Beating On The Bruins - Going into Thursday night's slate of NHL activity, the Caps and the Boston Bruins were two of only four Eastern Conference clubs with 25 or more wins. So when they met on Thursday night in Boston, it was a marquee midseason matchup.
When you add in the Bruins' strong 16-5-0 home ice record, Boston's five-game winning streak and its red hot power play unit, the Caps' ongoing dominance over the Bruins stretching back over the last few seasons and the 7-0 smackdown the Caps laid on them in the season opener, this had the makings of a playoff-style skirmish.
And that's pretty much how it played out.
The Bruins came at the Caps with their best effort, and Washington expected nothing less. But the Caps and Braden Holtby were also ready for it, and they prevailed once again, coming home with two points in a 4-2 win over the B's.
Both sides ramped up the physical play and the Caps certainly spent more time in their end than they would have liked. The Boston power play did dent the Caps for a goal on five opportunities, but Washington won the game on the strength of Holtby's stellar netminding and the Caps' ability to score three five-on-five goals against the league's stingiest five-on-five defense.
"I think we played a pretty good game," said Bruins goalie Jaroslav Halak. "We controlled most of the game, and they have some players that can score goals and unfortunately I didn't make a save on the third goal. That's the bottom line. I got outplayed by their goalie, and they got a win, so we just need to be better."
The win was Washington's 14th straight against the Bruins, a streak that stretches back nearly five years.
"It's a good rivalry," says Caps coach Todd Reirden. "They play hard and compete and battle. It's a difficult building to come into, especially this year again with them being 16-5 at home. So, we prepared our team for a battle.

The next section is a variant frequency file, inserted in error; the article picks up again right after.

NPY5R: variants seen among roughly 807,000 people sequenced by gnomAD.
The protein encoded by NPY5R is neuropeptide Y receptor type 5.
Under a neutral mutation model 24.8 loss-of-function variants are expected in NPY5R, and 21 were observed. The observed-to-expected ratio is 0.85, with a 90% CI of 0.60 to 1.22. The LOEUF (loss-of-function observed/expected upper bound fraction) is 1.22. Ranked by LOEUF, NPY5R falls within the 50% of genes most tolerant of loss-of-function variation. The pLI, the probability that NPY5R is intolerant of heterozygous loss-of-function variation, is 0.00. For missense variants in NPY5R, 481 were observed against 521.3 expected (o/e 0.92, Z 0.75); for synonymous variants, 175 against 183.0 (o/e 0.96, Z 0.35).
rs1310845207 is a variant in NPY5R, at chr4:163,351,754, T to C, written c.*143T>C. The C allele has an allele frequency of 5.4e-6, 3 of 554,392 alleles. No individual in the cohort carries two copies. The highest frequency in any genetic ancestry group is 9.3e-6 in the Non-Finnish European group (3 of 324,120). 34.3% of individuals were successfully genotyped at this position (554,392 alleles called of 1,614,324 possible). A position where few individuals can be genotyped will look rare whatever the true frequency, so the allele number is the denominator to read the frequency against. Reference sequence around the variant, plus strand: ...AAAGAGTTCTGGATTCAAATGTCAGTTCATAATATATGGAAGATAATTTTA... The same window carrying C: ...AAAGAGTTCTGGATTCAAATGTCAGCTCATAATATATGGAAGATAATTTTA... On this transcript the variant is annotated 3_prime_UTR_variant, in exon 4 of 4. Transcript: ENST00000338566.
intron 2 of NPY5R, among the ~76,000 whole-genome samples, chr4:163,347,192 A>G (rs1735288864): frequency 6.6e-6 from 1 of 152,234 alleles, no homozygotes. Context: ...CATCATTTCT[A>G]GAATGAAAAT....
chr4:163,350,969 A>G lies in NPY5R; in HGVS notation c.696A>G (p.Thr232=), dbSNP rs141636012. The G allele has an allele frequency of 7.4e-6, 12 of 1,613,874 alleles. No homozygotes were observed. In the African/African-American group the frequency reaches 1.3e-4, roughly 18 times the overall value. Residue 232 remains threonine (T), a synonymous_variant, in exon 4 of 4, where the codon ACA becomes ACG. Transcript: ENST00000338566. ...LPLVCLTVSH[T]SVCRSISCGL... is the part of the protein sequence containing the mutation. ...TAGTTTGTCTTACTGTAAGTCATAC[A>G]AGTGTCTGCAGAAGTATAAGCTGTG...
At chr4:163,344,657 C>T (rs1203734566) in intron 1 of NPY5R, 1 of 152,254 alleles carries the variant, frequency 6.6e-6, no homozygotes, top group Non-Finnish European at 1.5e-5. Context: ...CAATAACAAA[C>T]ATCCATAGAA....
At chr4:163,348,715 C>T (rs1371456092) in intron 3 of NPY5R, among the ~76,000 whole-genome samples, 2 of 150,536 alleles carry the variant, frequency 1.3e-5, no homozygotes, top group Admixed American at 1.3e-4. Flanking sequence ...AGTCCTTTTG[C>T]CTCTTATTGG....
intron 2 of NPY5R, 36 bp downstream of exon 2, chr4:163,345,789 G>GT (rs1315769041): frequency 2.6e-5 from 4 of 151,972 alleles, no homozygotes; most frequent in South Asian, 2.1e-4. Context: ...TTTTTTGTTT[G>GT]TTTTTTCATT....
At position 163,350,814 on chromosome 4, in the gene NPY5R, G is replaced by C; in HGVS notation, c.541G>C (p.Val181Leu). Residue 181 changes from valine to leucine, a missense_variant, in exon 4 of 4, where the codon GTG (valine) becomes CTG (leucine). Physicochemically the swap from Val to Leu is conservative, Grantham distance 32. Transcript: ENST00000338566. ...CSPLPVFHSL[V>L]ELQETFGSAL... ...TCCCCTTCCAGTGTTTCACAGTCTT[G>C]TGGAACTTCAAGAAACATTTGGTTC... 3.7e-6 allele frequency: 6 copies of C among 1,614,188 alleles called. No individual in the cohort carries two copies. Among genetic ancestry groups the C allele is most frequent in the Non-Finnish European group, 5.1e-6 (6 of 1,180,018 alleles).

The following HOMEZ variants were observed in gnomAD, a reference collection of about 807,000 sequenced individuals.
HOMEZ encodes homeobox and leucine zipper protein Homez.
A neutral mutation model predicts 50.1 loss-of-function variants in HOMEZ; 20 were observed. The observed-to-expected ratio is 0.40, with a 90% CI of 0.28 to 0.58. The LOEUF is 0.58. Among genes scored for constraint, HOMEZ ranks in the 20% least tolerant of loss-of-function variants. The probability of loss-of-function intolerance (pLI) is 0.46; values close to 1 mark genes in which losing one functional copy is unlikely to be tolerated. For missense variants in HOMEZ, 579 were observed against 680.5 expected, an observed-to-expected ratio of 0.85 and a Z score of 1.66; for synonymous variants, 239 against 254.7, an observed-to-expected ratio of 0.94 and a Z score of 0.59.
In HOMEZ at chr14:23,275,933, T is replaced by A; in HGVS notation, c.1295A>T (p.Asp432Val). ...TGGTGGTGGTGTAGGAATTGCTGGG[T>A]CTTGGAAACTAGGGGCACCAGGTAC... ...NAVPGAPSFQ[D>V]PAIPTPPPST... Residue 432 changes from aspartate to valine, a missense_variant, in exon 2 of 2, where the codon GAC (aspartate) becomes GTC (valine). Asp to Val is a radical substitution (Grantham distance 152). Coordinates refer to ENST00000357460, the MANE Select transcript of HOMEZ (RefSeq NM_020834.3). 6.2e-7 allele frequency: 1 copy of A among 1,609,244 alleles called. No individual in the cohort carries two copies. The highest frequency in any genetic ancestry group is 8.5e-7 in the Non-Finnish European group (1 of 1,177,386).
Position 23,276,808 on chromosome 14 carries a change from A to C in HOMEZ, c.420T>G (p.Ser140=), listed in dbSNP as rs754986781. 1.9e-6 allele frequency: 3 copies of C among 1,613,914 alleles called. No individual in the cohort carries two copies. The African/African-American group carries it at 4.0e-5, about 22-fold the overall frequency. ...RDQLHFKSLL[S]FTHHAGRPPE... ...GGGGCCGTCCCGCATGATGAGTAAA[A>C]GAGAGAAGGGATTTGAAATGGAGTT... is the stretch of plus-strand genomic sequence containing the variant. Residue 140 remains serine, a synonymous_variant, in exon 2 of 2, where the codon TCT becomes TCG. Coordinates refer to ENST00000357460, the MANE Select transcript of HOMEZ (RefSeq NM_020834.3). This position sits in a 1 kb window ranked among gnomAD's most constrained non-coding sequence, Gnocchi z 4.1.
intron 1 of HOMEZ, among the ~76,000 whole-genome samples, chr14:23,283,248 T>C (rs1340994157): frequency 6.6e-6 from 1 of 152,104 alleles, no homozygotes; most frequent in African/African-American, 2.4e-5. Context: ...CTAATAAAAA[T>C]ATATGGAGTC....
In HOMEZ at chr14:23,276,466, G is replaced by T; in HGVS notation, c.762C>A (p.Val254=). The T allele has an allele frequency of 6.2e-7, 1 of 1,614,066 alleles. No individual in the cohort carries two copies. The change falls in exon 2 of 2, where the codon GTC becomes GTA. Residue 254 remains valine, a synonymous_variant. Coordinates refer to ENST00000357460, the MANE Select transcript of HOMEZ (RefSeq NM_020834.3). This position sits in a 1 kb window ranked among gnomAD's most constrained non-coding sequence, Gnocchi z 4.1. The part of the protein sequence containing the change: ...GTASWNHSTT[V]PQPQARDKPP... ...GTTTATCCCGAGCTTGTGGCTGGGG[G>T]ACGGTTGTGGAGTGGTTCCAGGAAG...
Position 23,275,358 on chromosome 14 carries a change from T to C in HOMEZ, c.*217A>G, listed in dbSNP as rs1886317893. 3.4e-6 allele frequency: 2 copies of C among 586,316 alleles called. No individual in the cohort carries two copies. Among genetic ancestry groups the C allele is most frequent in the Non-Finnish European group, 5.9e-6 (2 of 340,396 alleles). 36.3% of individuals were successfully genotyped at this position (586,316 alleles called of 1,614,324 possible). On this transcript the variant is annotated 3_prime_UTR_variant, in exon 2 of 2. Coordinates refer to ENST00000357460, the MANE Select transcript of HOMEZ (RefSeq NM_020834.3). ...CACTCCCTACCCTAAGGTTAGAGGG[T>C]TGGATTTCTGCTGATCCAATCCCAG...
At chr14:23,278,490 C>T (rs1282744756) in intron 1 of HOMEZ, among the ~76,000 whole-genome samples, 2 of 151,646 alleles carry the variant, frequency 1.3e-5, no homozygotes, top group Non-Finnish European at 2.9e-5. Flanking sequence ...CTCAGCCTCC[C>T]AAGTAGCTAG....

"Again, credit to our team for hanging in there for 60 minutes and doing a lot of really good things and coming out here with a win. Obviously, if we were to talk about one player that's had a significant role we'd talk about Holtby, and the impact he has against this team definitely has been a difference maker."
Video: Ovechkin, Holtby power Capitals past Bruins, 4-2
Net Gain - Holtby's mastery of the Bruins continued on Thursday as he ran his career record to 16-2-0 against Boston in 18 career appearances. Holtby has four career shutouts against the Bruins to go along with a 1.85 GAA and a .944 save pct. He has permitted just 18 even-strength goals to the Bruins in those 18 games.
Only once previously has Holtby faced more shots against the Bruins than he did on Thursday night. Back on March 6, 2014, the Bruins pumped 42 shots on Holtby in a game in Boston, scoring twice in a 3-0 win over Washington. Later that same month - on March 29, 2014 - the Caps and Holtby suffered a 4-2 loss at the hands of the Bruins in Washington. Those are the only two regular season wins the Bruins have ever managed against Holtby, and the Bruins haven't beaten the Caps since.